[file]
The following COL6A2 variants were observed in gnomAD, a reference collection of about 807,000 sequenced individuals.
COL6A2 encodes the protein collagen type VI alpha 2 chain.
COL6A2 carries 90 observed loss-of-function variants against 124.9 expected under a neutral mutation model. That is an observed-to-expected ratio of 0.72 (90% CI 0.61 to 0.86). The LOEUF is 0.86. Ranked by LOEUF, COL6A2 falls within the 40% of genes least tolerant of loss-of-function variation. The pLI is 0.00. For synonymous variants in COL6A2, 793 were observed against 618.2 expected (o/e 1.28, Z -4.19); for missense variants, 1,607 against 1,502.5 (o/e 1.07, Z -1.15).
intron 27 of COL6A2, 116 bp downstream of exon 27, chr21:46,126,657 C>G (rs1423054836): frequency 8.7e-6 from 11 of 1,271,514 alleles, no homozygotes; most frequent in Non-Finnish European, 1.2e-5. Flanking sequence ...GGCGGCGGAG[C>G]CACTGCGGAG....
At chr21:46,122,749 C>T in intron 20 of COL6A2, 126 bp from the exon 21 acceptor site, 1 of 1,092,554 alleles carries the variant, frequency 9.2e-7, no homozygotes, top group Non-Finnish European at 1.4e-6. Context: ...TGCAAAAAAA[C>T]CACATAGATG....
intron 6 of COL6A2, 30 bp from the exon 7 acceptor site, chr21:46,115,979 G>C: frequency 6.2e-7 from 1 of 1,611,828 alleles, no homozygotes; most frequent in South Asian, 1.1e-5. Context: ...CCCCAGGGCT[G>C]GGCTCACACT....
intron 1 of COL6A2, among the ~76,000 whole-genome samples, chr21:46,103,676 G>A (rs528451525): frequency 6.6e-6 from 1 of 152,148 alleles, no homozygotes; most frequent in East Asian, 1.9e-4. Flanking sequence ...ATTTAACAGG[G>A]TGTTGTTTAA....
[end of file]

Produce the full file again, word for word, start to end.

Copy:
The following COL6A2 variants were observed in gnomAD, a reference collection of about 807,000 sequenced individuals.
COL6A2 encodes the protein collagen type VI alpha 2 chain.
COL6A2 carries 90 observed loss-of-function variants against 124.9 expected under a neutral mutation model. That is an observed-to-expected ratio of 0.72 (90% CI 0.61 to 0.86). The LOEUF is 0.86. Ranked by LOEUF, COL6A2 falls within the 40% of genes least tolerant of loss-of-function variation. The pLI is 0.00. For synonymous variants in COL6A2, 793 were observed against 618.2 expected (o/e 1.28, Z -4.19); for missense variants, 1,607 against 1,502.5 (o/e 1.07, Z -1.15).
intron 27 of COL6A2, 116 bp downstream of exon 27, chr21:46,126,657 C>G (rs1423054836): frequency 8.7e-6 from 11 of 1,271,514 alleles, no homozygotes; most frequent in Non-Finnish European, 1.2e-5. Flanking sequence ...GGCGGCGGAG[C>G]CACTGCGGAG....
At chr21:46,122,749 C>T in intron 20 of COL6A2, 126 bp from the exon 21 acceptor site, 1 of 1,092,554 alleles carries the variant, frequency 9.2e-7, no homozygotes, top group Non-Finnish European at 1.4e-6. Context: ...TGCAAAAAAA[C>T]CACATAGATG....
intron 6 of COL6A2, 30 bp from the exon 7 acceptor site, chr21:46,115,979 G>C: frequency 6.2e-7 from 1 of 1,611,828 alleles, no homozygotes; most frequent in South Asian, 1.1e-5. Context: ...CCCCAGGGCT[G>C]GGCTCACACT....
intron 1 of COL6A2, among the ~76,000 whole-genome samples, chr21:46,103,676 G>A (rs528451525): frequency 6.6e-6 from 1 of 152,148 alleles, no homozygotes; most frequent in East Asian, 1.9e-4. Flanking sequence ...ATTTAACAGG[G>A]TGTTGTTTAA....